Hogarth’s Progress Part 1, The Art of Success, Rose Theatre, Kingston

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The Art of Success was first produced by the Royal Shakespeare Company in 1986. it was written by Nick Dear, he has now written a companion piece, set 30 years later and they are being presented as a double bill at the Rose Theatre in Kingston, under the title “Hogarth’s Progress”. The first play depicts Hogarth’s life at the time just before the copyright act came into force when he had just done “A Harlot’s Progress” and before he started “A Rake’s Progress”. The second will depict him in later life. They are meant to complement each other and still work as stand alone plays.

Set in London in the 1730s, “The Art of Success” is a ribald and raucous story, telling of the partying antics of many of the renowned people of the day. These include Hogarth himself, the satirist Henry Fielding, Prime Minister Robert Walpole, brothel keeper Elizabeth Needham and even George II’s wife Queen Caroline. Many scenes are salacious and slanderous, reflecting the satirical plays of the time that led to the passing of the Theatrical Licensing Act. Hogarth was instrumental in causing the engraving copyright act to be passed and there is a subtext to this play about the ownership of art and about how art develops in times of social change, which chimes with the present day challenges for art in the different forms of social media.

Having said all that, the main thrust of the play is a bawdy farce about an epic night on the town and is meant to be enjoyed as just that. In this respect it works well.  It has funny jokes, although it occasionally veers into Carry-on territory. It is merciless in lampooning the aristocracy and it has enjoyable characters. The cast is spectacular, every performance is good.  Jasmine Jones is excellent as Sarah Sprackling, she manages to get a great balance between comedy and pathos. Jack Derges as Henry Fielding is both funny and loathsome. Bryan Dick does a fantastic job of holding it all together as runs about the town in various stages of disrepair.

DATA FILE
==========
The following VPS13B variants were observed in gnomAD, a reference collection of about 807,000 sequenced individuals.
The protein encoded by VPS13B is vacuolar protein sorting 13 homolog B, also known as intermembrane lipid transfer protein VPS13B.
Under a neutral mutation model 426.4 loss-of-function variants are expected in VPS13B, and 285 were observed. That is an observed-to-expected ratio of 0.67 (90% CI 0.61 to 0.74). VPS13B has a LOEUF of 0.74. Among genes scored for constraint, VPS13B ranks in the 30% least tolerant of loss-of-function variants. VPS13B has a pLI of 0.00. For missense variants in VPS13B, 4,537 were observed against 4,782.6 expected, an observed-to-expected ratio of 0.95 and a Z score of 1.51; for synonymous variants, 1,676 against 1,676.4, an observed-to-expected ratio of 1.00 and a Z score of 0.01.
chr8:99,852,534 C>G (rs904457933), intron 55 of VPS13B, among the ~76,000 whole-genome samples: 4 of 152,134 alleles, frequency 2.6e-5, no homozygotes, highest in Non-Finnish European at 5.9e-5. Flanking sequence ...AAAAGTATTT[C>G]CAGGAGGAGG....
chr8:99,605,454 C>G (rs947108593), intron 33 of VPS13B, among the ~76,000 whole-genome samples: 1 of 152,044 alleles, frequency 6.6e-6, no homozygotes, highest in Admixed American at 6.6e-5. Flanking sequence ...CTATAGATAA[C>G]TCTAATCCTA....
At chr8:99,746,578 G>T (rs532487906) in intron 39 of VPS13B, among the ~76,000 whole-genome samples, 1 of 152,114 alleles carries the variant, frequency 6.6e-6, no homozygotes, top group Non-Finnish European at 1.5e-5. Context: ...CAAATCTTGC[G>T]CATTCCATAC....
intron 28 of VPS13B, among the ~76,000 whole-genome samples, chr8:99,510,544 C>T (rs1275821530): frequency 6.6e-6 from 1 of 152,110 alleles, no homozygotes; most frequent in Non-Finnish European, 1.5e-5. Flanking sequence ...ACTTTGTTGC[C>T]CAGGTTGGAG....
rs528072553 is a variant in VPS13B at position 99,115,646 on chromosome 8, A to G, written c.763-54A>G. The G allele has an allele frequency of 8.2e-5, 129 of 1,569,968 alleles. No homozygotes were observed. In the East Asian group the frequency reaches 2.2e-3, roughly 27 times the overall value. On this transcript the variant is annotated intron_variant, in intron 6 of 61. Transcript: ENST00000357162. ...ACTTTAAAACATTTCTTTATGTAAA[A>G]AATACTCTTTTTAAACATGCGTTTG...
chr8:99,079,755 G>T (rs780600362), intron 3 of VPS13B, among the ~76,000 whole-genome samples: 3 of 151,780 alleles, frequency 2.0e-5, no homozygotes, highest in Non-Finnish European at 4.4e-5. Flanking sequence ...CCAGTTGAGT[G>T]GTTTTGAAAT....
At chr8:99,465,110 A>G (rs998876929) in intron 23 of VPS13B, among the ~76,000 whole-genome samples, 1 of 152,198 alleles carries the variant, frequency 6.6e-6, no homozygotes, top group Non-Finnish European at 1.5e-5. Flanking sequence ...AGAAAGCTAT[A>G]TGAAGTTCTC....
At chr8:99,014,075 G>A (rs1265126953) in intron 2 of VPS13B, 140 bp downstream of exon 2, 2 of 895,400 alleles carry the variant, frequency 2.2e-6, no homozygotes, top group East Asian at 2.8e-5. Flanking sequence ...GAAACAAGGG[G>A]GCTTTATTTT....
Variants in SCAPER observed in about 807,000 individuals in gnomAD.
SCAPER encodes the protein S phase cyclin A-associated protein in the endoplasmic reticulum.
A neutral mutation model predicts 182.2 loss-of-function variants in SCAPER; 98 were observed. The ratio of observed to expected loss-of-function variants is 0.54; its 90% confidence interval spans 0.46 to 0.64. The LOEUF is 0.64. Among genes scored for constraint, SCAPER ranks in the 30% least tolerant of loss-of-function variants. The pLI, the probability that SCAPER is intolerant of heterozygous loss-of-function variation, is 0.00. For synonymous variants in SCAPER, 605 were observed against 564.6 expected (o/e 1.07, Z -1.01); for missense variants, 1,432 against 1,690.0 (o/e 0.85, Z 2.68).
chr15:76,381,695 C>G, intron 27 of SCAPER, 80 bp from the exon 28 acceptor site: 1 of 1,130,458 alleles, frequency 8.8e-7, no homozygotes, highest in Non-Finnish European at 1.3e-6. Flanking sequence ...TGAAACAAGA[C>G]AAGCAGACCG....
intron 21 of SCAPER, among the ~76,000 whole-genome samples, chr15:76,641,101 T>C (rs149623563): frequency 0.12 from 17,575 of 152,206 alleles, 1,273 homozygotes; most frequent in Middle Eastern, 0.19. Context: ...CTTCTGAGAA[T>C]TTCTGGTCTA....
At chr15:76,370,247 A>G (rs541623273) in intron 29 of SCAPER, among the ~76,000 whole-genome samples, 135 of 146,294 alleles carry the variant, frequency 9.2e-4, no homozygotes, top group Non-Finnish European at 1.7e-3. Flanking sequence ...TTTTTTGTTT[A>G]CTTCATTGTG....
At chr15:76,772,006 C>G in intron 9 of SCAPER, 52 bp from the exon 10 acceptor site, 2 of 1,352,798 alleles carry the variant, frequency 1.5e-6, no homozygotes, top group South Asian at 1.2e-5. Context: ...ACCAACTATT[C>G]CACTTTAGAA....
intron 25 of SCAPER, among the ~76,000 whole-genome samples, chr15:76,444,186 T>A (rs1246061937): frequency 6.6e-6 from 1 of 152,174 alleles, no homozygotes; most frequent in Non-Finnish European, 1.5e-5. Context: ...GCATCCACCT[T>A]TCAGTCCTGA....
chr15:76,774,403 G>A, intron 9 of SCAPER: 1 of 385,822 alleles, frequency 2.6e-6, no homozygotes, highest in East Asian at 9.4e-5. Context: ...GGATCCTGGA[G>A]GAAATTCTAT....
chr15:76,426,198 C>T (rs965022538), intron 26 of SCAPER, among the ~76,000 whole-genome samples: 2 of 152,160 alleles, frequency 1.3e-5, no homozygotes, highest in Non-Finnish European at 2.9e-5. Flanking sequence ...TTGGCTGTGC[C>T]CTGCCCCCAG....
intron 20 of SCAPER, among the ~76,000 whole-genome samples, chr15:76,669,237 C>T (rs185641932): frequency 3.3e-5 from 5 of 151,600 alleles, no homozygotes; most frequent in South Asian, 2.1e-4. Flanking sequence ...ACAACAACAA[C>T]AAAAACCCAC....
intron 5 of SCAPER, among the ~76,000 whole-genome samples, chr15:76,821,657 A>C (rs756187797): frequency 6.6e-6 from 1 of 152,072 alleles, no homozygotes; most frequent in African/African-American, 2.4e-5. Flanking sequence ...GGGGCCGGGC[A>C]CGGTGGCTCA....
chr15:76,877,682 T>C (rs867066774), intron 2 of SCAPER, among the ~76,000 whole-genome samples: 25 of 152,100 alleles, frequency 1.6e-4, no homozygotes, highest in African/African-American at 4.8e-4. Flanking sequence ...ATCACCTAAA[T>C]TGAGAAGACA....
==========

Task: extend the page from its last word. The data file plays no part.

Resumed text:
The set is ingenious, I liked how contemporary it manged to be while still displaying the 18th Century. I cannot imagine that they had the ability to use the effects on display here when it was first produced 32 years ago, and I enjoyed the little nods to modern technology in the direction. “The Art of Success” is a play that you continue to appreciate after you have left the theatre and I am looking forward to seeing part 2 “The Taste of the Town” when it opens next week.

 

Get Out (dir. Jordan Peele) 2017

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Get Out has a number of “jump back in your seat” moments which is always a good thing in a horror movie. It also has humour, both laugh out loud bits, and some sly, embarrassing, observational moments. These carry you along nicely to the next scary part.

The acting is good, Bradley Whitford is excellent as a white liberal intellectual, explaining his guilt away. Catherine Keener is creepy as the psychologist mother.  Daniel Kaluuya is good at noticing the slights but not taking offence, a fine line to tread.

I really liked Jordan Peele’s manner of dealing with incidental, institutional racism in this film. It is there throughout the movie, and it isn’t ignored, but it is supposedly not the main storyline. The front story is a brainwashing, Stepford, comedy/horror thing. He shows great promise in his first film, with his light touch on an awkward subject. Interestingly, he has just become the first black debut director to have his film gross over $100 million.

There is some gore, enough to make you feel some disgust, but not enough to want to hide behind your cinema seat.

The ending is interesting too, it is always nice to have a finish that is unexpected, and this finale suited the movie much better.

I have to say that I really enjoyed this film, a great mixture of comedy, horror and social comment.